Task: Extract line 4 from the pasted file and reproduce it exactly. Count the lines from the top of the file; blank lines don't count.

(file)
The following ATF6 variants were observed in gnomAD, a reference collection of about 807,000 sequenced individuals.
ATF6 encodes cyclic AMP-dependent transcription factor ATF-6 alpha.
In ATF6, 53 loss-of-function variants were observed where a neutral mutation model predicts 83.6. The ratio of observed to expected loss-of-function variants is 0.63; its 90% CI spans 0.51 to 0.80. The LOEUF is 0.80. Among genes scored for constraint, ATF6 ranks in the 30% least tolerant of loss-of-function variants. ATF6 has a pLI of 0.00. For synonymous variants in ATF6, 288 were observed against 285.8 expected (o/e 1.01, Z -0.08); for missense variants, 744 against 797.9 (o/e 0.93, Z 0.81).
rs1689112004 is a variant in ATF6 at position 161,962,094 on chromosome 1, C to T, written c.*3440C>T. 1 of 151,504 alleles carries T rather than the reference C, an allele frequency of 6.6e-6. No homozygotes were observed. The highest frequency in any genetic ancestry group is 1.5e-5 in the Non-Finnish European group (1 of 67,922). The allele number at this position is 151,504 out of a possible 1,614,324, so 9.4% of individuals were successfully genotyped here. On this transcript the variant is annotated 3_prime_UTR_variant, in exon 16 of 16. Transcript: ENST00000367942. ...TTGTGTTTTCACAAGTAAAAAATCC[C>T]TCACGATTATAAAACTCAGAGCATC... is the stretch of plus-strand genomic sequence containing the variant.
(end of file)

rs1689112004 is a variant in ATF6 at position 161,962,094 on chromosome 1, C to T, written c.*3440C>T. 1 of 151,504 alleles carries T rather than the reference C, an allele frequency of 6.6e-6. No homozygotes were observed. The highest frequency in any genetic ancestry group is 1.5e-5 in the Non-Finnish European group (1 of 67,922). The allele number at this position is 151,504 out of a possible 1,614,324, so 9.4% of individuals were successfully genotyped here. On this transcript the variant is annotated 3_prime_UTR_variant, in exon 16 of 16. Transcript: ENST00000367942. ...TTGTGTTTTCACAAGTAAAAAATCC[C>T]TCACGATTATAAAACTCAGAGCATC... is the stretch of plus-strand genomic sequence containing the variant.